For the second question, I like your response to the problem of having a service with varied expectations of timeouts. I agree that the owner of a service should be the most qualified to reason about what timeouts are most appropriate. However, I have a hard time getting past the use case of having a file-upload feature in a web service. From the standpoint of the service owner, they will say the timeout "depends" on what path you're talking about. Or they might give an umbrella "X seconds" with X being the longest expected timeout. This Ingress-Service dilemma has existed for awhile and doesn't seem to have a right answer. Two proposals, "Better Ingress" and "Composite Services", would seem to help this situation if one of them were implemented. Since we don't currently have a way to express HTTP paths/attributes on a service, I'm leaning towards noting the timeout on the ingress object where we do have paths defined. Since nginx has an ingress-wide timeout setting, I also believe that this annotation should be GCP specific. Thoughts/comments?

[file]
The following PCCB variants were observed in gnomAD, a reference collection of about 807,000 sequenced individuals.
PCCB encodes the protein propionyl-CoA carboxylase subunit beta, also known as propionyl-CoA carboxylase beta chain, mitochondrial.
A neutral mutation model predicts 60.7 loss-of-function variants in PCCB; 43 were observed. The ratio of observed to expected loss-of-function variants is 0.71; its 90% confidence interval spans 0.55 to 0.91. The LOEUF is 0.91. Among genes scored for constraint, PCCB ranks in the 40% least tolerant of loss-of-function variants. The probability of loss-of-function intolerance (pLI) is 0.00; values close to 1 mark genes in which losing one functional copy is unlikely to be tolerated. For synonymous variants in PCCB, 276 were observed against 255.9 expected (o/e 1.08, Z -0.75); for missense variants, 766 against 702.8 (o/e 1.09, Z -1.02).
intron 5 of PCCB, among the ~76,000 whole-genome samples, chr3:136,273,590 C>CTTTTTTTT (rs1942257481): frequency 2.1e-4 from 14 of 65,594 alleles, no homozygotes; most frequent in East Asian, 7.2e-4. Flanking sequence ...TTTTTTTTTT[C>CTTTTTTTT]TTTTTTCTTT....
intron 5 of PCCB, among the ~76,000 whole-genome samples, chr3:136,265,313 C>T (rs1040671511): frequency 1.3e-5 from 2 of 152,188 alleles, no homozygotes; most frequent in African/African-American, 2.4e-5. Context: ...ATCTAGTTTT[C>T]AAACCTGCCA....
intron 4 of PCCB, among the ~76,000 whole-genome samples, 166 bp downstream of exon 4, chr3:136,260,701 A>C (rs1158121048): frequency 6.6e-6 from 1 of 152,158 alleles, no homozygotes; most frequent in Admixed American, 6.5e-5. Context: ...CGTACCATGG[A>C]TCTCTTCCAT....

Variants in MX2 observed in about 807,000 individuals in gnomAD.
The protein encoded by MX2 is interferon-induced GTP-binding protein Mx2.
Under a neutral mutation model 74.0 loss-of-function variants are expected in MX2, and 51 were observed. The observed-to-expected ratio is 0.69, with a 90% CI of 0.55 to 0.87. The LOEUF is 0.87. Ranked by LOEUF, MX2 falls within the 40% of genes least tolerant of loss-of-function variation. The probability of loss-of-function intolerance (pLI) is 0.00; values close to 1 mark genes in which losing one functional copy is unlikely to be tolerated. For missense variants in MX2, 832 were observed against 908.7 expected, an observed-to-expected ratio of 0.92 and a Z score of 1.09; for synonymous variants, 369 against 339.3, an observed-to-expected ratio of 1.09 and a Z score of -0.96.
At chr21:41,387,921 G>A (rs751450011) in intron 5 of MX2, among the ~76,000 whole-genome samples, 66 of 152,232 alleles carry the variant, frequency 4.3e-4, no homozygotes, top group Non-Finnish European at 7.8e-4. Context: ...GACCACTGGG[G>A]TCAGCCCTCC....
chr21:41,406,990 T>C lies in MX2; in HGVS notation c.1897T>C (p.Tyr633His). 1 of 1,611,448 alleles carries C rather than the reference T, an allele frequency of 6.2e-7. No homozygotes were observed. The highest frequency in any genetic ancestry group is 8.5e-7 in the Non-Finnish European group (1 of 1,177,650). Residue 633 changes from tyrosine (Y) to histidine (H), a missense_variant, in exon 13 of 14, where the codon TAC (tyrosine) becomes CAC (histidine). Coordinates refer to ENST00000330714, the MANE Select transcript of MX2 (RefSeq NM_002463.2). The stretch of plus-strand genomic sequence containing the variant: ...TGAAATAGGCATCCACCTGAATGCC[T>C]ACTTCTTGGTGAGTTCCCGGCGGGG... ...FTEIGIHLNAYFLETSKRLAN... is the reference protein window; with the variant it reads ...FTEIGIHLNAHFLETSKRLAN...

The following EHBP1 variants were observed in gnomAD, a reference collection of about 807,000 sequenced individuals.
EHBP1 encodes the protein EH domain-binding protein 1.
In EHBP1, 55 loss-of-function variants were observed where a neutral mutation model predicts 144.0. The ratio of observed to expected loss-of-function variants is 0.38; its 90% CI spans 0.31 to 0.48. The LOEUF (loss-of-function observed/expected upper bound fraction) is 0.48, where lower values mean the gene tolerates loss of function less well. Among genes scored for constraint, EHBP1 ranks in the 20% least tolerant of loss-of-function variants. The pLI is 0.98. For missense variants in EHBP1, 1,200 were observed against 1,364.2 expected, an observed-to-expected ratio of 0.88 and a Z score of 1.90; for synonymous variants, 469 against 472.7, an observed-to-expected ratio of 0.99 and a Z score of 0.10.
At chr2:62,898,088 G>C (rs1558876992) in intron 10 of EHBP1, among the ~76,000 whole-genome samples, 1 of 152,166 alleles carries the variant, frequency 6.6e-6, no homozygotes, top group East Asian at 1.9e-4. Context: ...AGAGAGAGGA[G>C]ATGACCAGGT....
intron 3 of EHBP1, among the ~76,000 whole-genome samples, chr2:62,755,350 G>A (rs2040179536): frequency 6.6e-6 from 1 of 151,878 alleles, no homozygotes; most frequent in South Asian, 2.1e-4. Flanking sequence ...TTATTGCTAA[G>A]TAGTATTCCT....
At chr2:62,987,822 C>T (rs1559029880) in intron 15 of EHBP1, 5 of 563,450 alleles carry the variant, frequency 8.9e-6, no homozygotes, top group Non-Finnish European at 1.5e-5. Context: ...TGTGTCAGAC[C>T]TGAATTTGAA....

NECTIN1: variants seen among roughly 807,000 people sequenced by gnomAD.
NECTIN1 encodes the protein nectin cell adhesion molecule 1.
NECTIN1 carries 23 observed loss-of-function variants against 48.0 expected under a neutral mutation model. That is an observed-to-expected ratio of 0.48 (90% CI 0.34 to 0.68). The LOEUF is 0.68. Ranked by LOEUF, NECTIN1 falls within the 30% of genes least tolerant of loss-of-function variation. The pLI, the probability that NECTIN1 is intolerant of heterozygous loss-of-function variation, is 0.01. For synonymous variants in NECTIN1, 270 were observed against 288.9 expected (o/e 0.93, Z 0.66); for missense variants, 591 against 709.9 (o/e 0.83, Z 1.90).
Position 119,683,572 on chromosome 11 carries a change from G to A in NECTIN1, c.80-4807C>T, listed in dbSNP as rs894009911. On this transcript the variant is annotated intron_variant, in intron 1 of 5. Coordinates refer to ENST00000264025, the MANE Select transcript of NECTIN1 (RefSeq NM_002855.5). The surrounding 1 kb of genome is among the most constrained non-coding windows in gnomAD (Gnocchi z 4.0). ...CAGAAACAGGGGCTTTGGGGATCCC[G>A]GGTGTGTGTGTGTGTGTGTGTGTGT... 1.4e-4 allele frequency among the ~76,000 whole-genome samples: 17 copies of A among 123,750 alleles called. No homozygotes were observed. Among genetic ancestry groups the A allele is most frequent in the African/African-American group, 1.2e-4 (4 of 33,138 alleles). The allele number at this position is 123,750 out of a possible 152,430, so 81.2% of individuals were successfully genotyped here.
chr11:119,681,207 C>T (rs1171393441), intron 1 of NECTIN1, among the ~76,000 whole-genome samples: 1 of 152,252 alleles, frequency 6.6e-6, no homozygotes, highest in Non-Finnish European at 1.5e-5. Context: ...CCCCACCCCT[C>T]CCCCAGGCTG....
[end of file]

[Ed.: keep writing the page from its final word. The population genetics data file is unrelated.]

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bowei commented Oct 11, 2017

From @thockin on April 25, 2017 6:30

On Mon, Apr 24, 2017 at 2:12 PM, Nick Sardo notifications@github.com wrote:

@itamaro thanks for providing your feedback.

Regarding the first question, I agree that timeouts should be backend-service specific. We should put this question to rest.